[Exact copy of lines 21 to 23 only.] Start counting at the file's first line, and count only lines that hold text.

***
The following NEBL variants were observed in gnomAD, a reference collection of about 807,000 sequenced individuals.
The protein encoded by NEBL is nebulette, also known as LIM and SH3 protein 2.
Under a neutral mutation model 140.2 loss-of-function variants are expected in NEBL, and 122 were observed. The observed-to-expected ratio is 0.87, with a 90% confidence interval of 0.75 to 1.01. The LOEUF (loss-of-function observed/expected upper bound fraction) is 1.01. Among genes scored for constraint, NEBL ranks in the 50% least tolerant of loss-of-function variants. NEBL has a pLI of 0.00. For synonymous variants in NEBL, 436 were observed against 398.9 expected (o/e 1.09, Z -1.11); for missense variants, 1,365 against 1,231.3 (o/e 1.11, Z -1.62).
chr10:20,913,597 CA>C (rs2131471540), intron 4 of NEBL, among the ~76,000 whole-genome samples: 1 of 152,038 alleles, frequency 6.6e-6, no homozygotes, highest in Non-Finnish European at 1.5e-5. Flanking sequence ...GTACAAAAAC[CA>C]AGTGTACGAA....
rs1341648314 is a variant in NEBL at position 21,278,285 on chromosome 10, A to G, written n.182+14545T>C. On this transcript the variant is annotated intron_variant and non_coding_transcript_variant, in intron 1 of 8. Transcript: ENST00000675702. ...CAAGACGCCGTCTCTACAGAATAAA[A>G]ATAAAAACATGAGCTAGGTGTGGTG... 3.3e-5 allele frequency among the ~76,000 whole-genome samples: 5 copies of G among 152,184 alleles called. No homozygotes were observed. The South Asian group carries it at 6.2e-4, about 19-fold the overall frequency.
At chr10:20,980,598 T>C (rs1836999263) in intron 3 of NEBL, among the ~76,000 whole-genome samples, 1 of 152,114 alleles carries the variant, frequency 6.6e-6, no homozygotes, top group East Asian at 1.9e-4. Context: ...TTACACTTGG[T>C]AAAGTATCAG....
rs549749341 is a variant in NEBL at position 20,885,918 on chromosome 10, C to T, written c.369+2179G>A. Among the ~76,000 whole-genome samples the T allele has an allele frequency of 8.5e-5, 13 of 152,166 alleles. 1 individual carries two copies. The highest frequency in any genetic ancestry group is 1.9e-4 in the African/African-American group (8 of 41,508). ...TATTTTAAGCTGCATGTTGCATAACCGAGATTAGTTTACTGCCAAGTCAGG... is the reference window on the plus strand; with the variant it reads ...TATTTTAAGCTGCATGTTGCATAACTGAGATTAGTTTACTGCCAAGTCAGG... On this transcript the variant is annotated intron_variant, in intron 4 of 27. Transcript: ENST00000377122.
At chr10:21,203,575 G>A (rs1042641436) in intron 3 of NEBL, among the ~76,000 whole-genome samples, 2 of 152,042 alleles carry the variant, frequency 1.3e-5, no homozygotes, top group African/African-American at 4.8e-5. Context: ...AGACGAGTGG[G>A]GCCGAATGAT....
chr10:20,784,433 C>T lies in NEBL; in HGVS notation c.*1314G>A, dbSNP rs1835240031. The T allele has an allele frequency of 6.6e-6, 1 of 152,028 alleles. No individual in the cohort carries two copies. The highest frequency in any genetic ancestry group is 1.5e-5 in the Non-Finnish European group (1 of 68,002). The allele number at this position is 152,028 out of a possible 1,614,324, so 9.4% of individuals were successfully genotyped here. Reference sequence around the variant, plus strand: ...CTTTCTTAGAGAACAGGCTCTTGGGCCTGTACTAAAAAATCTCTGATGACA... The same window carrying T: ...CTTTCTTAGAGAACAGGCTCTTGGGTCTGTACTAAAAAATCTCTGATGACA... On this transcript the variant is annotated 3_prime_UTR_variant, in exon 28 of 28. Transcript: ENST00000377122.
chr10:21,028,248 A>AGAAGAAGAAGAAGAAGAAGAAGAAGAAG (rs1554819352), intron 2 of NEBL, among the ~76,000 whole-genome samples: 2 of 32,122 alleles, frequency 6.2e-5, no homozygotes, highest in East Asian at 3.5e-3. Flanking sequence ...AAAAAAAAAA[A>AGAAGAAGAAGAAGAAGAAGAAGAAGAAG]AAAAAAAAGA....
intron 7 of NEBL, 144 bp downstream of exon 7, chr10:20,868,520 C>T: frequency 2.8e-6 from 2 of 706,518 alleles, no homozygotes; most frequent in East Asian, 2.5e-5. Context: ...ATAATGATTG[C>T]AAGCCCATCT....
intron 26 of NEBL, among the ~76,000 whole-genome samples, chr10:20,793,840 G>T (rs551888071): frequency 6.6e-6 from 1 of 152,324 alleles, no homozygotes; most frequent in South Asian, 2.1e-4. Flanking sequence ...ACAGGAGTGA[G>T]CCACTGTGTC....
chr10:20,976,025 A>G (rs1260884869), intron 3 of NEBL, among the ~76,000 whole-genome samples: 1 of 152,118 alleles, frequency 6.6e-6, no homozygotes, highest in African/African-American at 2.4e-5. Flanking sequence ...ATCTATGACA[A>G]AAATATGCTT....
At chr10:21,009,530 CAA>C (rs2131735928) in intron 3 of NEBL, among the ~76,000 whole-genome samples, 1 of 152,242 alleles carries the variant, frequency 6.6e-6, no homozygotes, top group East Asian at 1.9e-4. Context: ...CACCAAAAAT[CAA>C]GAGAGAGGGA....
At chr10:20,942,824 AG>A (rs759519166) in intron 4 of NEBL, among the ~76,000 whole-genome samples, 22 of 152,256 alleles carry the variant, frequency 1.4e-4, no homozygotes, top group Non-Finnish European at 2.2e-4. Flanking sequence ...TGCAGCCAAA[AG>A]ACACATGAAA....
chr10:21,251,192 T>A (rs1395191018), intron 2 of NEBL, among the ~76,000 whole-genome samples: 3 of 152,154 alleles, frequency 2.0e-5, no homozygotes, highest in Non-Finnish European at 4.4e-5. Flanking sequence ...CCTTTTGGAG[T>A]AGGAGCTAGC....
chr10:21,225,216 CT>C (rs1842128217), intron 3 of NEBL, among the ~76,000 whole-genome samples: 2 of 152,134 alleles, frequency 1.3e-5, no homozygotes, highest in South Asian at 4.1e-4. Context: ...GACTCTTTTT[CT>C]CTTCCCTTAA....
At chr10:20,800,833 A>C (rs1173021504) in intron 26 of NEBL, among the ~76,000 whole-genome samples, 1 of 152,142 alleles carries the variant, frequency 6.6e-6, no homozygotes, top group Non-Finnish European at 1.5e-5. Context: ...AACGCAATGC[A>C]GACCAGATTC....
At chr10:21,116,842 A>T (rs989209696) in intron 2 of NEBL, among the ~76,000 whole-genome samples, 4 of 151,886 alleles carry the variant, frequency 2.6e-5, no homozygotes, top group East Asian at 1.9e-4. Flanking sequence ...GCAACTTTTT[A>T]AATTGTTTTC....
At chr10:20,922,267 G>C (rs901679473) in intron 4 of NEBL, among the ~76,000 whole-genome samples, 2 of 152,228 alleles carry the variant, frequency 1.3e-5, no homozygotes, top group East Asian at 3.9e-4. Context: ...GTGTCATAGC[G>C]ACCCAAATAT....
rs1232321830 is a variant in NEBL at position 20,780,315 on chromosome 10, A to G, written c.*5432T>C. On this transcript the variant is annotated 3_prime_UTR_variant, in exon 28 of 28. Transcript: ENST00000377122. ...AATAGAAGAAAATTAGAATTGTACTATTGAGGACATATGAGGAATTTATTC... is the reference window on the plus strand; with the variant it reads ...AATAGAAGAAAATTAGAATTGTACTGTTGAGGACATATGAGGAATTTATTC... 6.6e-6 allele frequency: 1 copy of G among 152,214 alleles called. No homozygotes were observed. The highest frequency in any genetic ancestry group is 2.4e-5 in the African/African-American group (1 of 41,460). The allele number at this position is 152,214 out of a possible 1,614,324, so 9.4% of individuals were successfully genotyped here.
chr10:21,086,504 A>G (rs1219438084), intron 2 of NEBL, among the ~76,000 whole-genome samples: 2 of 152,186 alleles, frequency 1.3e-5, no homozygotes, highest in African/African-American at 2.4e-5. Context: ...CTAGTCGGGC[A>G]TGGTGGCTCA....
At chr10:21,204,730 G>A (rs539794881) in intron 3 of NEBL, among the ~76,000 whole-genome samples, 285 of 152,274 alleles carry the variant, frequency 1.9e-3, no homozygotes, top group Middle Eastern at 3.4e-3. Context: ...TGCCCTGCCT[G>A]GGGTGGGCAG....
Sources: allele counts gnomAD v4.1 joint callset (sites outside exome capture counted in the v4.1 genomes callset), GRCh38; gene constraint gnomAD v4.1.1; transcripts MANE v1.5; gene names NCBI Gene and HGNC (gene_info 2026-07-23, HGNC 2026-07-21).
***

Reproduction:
rs1232321830 is a variant in NEBL at position 20,780,315 on chromosome 10, A to G, written c.*5432T>C. On this transcript the variant is annotated 3_prime_UTR_variant, in exon 28 of 28. Transcript: ENST00000377122. ...AATAGAAGAAAATTAGAATTGTACTATTGAGGACATATGAGGAATTTATTC... is the reference window on the plus strand; with the variant it reads ...AATAGAAGAAAATTAGAATTGTACTGTTGAGGACATATGAGGAATTTATTC... 6.6e-6 allele frequency: 1 copy of G among 152,214 alleles called. No homozygotes were observed. The highest frequency in any genetic ancestry group is 2.4e-5 in the African/African-American group (1 of 41,460). The allele number at this position is 152,214 out of a possible 1,614,324, so 9.4% of individuals were successfully genotyped here.
chr10:21,086,504 A>G (rs1219438084), intron 2 of NEBL, among the ~76,000 whole-genome samples: 2 of 152,186 alleles, frequency 1.3e-5, no homozygotes, highest in African/African-American at 2.4e-5. Context: ...CTAGTCGGGC[A>G]TGGTGGCTCA....
At chr10:21,204,730 G>A (rs539794881) in intron 3 of NEBL, among the ~76,000 whole-genome samples, 285 of 152,274 alleles carry the variant, frequency 1.9e-3, no homozygotes, top group Middle Eastern at 3.4e-3. Context: ...TGCCCTGCCT[G>A]GGGTGGGCAG....